The ports of Seattle and Tacoma in the U.S. are seeking to reduce their traditional rivalry to counter the growing bargaining power of carriers as shipping lines increase their unit sizes and forge bigger alliances.
In a groundbreaking move which could be copied by other ports, authorities at the two ports have applied with the U.S. Federal Maritime Commission (FMC) for permission to share information and discuss matters such as rates of return, planning, utilization, operating costs, and charges.
But with each port having a number of terminals run by private operators, many of which are carrier-affiliated, consolidation of terminal ownership will likely be a prerequisite for success, according to a new report by Drewry Maritime Research.
As with other U.S. west coast ports, Seattle and Tacoma have to live with the legacy whereby each major carrier tended to have its own terminal. “This made sense when carriers were smaller and more independent, but with today’s mega carriers and alliances, the fragmentation of terminal capacity makes it harder to accommodate the growing needs of the likes of the P3, G6, and CKYH alliances,” said Drewry.
Each of the ports handles less than two million TEUs (20-foot-equivalent units) per annum, yet Seattle has four container terminals and Tacoma five.
Greater cooperation between the two port authorities, if approved by the FMC, will help to better manage the situation but, in the short term, it will not change the nature of their physical assets or allow individual terminal operators to cooperate, even if they wanted to, noted Drewry.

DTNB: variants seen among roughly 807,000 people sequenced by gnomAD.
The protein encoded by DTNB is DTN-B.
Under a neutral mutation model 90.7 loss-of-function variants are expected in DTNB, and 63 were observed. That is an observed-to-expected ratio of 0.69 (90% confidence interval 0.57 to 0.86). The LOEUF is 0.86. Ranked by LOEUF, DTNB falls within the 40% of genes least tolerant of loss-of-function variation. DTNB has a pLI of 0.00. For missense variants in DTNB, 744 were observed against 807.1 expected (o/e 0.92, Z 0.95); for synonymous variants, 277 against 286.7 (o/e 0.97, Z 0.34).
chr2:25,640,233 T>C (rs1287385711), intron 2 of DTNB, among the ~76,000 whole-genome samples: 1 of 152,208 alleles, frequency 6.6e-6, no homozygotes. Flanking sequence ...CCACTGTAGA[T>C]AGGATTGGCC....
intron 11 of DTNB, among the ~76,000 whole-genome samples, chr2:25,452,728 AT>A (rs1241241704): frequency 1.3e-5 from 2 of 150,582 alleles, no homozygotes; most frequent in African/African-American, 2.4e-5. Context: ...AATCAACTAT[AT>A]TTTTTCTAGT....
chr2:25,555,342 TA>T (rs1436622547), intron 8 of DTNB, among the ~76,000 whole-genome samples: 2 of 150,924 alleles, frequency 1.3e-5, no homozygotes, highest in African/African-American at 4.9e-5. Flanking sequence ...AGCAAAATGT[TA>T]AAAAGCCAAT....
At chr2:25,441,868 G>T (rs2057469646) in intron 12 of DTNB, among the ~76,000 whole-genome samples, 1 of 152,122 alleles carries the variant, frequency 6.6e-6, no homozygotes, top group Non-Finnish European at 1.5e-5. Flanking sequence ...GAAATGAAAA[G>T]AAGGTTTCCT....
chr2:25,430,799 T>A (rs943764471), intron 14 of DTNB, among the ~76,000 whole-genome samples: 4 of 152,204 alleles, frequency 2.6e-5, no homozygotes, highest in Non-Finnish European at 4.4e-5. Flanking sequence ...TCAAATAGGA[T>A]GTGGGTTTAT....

For Seattle and Tacoma, it makes sense to work more closely together, especially as the two ports ultimately share the same owner, Washington State. Significantly though, they have ruled out any talk of merger, and have also excluded the ability to take any collective action.
The steps being taken by Seattle and Tacoma also raise a wider question of whether other ports in the U.S. and elsewhere may also seek to work more closely together in the face of growing ship sizes and alliances.
In other developments, South Korea’s Fair Trade Commission (FTC) is also set to check if the proposed P3 alliance will be a violation of antitrust rules if approved, The Korea Economic Daily said in an online news report.
This comes as the commission reportedly received on February 4 a merger application from the three carrier-members making up the cooperation—Maersk Line, Mediterranean Shipping Co., and CMA CGM.
“As we are aware that the latest merger case has a critical impact on the whole shipping industry, we will make in-depth investigation on the matter in partnership with overseas competition authorities if necessary,” an FTC official was quoted as saying by the daily.